Natural climate changes
The world’s climate has been changing since the beginning of time. It never stays the same. Some climate changes are natural. Others are caused by human behaviour (refer to Chapter 2). Natural climate changes are gradual processes and can often take many hundreds of years to notice.
The most significant and well-known climatic changes have been the Ice Ages. During an Ice Age the weather becomes so cold that most of the water on Earth begins to freeze and form massive ice sheets. The last Ice Age experienced on Earth ended about 10 000 years ago. It created an ice sheet that covered almost one-third of the Earth. The sheet was approximately 240 metres thick.
Climate change in Australia
Australia has not avoided significant climatic changes. Many thousands of years ago Australia looked very different, especially central Australia which today is very dry. Approximately 15-20 million years ago, in prehistoric times, rainforests were thought to cover all of the Australian landscape. Weather and climate during this time would have been wetter than it is today, as more moisture would have been released by plants and held in the land. Scientists believe that as rainfalls decreased lakes and rivers slowly began to dry out, leading to the drier environment that we know today.
Nature is able to tell us a lot about the climates of the past. Tree trunks, when cut in half, have many rings inside which signify different periods. Rings that are very close together mean that the period of time was very cold, whilst rings that are far apart mean the climate was warmer.
The discovery of dinosaur bones has shown scientists and archaeologists that they could possibly have been killed off due to great climatic changes. Some dinosaurs have even been found in their original condition frozen in ice.
Droughts occur when an area receives less rain than normal. This rain shortage must occur over a length of time for a drought to be declared. Droughts can have devastating consequences, especially on crops, plants and animals, which can all die in drought conditions. Creeks and lakes can also dry up, cutting off water supplies to people and other living things.
The Federation Drought
Australia often experiences droughts due to its naturally dry landscape. Australia’s worst recorded drought occurred during 1895-1903. This drought was named the Federation Drought and had devastating consequences for farmers, especially sheep and cattle farmers. Approximately 40 percent of Australia’s cattle population were killed, whilst half of the sheep population died.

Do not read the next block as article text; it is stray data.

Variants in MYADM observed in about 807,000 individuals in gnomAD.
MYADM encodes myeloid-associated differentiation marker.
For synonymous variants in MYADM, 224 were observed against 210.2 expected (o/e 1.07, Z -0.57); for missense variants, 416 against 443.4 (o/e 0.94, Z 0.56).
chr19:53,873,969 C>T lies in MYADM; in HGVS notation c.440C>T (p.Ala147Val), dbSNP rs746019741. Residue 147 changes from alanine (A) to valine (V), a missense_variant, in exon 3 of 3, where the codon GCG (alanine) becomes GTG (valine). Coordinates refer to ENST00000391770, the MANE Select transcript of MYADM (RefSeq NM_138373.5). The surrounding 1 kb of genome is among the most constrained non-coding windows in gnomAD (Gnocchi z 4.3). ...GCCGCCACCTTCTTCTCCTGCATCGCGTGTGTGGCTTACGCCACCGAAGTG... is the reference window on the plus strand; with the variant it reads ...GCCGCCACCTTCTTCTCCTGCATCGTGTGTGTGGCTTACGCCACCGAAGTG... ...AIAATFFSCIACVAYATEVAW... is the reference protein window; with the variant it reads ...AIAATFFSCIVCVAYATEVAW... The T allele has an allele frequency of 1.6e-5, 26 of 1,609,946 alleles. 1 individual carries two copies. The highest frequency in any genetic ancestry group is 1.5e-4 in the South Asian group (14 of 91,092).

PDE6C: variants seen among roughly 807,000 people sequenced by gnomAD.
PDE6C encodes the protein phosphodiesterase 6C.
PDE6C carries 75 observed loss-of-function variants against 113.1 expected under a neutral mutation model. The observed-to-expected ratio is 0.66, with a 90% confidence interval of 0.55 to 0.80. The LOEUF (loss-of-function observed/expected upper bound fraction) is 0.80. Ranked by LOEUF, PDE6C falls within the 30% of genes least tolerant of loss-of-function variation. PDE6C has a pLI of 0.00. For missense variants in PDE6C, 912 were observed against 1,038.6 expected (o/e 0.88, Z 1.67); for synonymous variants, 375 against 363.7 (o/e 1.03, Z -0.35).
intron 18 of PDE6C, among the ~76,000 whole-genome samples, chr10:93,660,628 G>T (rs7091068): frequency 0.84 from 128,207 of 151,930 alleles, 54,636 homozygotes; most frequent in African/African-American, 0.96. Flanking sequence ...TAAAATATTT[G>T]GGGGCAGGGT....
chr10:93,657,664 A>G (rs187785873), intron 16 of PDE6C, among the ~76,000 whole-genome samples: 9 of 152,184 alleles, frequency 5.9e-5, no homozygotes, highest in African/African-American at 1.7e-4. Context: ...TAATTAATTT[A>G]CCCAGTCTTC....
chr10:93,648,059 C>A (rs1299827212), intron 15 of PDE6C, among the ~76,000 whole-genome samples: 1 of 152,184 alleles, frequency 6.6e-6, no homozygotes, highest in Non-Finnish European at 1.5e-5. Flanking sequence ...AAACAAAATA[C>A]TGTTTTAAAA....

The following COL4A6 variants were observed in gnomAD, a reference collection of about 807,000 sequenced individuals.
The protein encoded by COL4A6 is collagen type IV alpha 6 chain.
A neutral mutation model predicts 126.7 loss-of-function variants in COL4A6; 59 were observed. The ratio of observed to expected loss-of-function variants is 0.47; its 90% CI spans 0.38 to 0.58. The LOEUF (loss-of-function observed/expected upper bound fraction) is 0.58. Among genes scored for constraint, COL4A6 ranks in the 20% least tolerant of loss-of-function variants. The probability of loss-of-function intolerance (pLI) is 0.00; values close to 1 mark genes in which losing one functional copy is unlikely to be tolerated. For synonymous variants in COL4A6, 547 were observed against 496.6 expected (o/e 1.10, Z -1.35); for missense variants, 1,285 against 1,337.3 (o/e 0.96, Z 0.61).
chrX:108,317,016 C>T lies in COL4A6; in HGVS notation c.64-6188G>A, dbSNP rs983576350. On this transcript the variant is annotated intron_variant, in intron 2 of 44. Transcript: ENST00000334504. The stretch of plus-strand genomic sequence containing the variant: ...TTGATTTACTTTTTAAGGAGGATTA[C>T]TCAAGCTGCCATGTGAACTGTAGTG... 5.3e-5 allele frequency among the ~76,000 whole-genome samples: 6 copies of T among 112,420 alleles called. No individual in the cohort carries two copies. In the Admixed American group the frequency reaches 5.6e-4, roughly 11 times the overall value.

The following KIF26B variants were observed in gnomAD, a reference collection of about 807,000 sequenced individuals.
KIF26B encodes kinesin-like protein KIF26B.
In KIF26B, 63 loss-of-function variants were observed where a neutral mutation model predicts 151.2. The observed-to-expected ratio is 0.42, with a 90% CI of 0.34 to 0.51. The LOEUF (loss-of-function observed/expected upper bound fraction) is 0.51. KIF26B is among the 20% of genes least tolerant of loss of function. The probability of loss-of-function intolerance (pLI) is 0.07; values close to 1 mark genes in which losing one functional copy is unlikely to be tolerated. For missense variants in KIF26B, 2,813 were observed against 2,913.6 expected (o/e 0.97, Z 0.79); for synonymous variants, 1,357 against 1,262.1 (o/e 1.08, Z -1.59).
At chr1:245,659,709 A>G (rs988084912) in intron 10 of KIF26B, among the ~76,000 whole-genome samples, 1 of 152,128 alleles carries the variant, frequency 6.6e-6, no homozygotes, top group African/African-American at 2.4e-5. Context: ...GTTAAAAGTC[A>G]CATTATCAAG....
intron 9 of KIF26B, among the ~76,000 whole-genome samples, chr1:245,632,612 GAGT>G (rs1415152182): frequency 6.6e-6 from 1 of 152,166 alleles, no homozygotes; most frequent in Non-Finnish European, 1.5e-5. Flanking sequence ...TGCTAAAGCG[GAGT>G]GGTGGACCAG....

Droughts are difficult to predict but they have often been linked to the climatic phenomenon called El Nino (see below).
Floods occur after extremely high levels of rain falls to earth. Heavy rains may strain the Earth’s natural and unnatural water processing systems (ground absorption, street drains). There are three types of floods: river floods; flash floods; and flooding in mountainous regions. (Refer to Topic 5, Chapter 3 for more information about floods).
Australia is also susceptible to floods which are often linked to the La Nina effect (see below). There have been many devastating floods in Australia which have seen rivers burst, cities and towns under water and crops ruined due to the high amounts of water.
El Nino is a natural phenomenon which occurs in the Pacific Ocean. As water currents warm to a temperature higher than normal, oceans winds change their paths. This in turn changes air temperatures in different parts of the atmosphere.
These warmer winds result in heavy rain and floods in North and South America. It also results in less rain falling in Africa, Asia and the Pacific region, where Australia is. Less rain increases the possibility of droughts occurring. Australia’s east and north coasts often feel the affects of El Nino.
It has been predicted that the El Nino effect occurs every 7-10 years and usually lasts for a year or two.
La Nina has the opposite effect of El Nino. Water currents in the Pacific Ocean are cooler during La Nina. This changes the circulation of air and increases the amount of clouds over Australia, Papua New Guinea and Indonesia, which means greater rainfall.
This increase in rainfall has been associated with major floods in Australia.
Nature has a way of disrupting weather conditions
Volcano eruptions, bushfires, cyclones, hurricanes and other natural occurrences can cause solid particles, such as ash, sand, lava and leaf litter to enter the atmosphere. These particles can interfere with the sun’s rays, therefore disrupting the amount of heat and light that reaches the Earth. The sun plays a major role in the weather (refer to Topic 2, Chapter 1) and any interference with it will disrupt the climate of an area.